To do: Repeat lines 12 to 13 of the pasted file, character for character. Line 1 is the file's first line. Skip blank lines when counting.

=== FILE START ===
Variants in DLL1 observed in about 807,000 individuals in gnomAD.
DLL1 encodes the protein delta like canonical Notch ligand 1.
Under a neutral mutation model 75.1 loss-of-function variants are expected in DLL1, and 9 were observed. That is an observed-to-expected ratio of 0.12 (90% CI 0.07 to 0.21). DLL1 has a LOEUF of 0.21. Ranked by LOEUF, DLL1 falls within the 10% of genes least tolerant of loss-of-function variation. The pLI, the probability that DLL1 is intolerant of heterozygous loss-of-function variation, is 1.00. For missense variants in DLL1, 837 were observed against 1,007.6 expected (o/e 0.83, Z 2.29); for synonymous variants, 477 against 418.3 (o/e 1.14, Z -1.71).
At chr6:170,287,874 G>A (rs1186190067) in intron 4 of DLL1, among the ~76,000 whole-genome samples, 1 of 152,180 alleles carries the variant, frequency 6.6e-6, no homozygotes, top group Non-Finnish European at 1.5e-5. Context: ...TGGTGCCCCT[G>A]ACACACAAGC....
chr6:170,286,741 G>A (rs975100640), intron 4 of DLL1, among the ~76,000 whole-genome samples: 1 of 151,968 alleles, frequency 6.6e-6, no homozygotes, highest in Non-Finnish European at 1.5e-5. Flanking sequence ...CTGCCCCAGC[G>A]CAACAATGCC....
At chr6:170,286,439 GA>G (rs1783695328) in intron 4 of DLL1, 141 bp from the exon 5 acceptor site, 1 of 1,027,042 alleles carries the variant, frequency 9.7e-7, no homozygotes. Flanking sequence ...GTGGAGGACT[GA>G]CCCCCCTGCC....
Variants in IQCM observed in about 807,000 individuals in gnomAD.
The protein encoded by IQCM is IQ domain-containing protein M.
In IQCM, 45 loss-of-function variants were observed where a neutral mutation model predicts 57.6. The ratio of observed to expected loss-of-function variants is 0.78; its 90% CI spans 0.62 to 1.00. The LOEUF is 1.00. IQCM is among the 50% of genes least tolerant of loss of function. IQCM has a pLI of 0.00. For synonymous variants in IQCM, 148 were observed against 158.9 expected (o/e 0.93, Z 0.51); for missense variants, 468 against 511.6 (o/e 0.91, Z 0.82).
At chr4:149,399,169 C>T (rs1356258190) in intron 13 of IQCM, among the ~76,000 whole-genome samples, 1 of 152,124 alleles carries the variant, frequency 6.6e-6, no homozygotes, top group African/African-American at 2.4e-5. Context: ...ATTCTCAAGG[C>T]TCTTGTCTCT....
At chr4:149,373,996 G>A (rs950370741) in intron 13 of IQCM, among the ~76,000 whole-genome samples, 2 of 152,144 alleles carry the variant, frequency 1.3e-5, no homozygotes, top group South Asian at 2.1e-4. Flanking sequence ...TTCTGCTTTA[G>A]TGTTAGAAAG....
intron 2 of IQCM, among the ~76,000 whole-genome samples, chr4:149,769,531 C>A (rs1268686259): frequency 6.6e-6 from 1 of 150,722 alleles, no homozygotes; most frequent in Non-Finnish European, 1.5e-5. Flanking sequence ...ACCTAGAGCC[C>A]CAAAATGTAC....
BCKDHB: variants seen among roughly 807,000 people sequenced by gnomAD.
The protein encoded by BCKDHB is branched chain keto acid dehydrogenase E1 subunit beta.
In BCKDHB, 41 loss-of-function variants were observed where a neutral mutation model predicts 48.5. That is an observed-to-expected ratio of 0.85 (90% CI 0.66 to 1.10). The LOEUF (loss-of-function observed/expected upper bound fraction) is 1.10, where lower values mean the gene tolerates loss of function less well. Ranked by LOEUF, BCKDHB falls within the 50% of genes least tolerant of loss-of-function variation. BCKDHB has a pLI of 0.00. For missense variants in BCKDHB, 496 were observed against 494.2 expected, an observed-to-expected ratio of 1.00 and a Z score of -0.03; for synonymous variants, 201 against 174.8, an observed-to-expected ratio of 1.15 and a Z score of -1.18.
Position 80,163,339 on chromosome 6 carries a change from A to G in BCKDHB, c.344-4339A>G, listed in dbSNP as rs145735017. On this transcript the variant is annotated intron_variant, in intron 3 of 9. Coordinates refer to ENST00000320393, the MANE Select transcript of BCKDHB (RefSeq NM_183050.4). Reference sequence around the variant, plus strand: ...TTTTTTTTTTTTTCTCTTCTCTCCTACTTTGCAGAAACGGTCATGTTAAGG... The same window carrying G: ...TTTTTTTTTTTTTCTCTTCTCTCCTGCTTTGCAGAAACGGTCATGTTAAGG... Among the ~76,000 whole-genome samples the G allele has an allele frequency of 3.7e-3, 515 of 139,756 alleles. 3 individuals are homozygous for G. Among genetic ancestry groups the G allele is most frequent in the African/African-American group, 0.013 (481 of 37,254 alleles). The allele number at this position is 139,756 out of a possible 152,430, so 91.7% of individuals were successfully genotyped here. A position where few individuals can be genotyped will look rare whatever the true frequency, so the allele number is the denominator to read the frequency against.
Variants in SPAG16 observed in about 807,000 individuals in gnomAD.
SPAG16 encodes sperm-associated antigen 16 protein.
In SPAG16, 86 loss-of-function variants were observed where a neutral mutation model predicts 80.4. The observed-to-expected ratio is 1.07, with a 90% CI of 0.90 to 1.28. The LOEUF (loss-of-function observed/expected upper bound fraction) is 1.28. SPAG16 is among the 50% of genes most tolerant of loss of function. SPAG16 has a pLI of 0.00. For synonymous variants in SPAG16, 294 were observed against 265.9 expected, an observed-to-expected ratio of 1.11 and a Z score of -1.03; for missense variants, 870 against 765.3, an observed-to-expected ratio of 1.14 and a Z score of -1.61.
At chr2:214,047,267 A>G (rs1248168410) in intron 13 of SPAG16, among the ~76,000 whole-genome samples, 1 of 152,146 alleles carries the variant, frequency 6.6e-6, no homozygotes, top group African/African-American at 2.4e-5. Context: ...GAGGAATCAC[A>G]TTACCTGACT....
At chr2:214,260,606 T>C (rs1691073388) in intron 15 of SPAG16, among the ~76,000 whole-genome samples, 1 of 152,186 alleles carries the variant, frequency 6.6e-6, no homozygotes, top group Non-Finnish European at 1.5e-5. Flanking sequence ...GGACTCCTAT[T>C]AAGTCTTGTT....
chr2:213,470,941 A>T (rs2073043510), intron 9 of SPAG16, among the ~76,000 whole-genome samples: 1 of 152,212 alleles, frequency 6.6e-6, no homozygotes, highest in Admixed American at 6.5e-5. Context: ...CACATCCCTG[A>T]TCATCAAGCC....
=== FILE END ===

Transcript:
intron 2 of IQCM, among the ~76,000 whole-genome samples, chr4:149,769,531 C>A (rs1268686259): frequency 6.6e-6 from 1 of 150,722 alleles, no homozygotes; most frequent in Non-Finnish European, 1.5e-5. Flanking sequence ...ACCTAGAGCC[C>A]CAAAATGTAC....
BCKDHB: variants seen among roughly 807,000 people sequenced by gnomAD.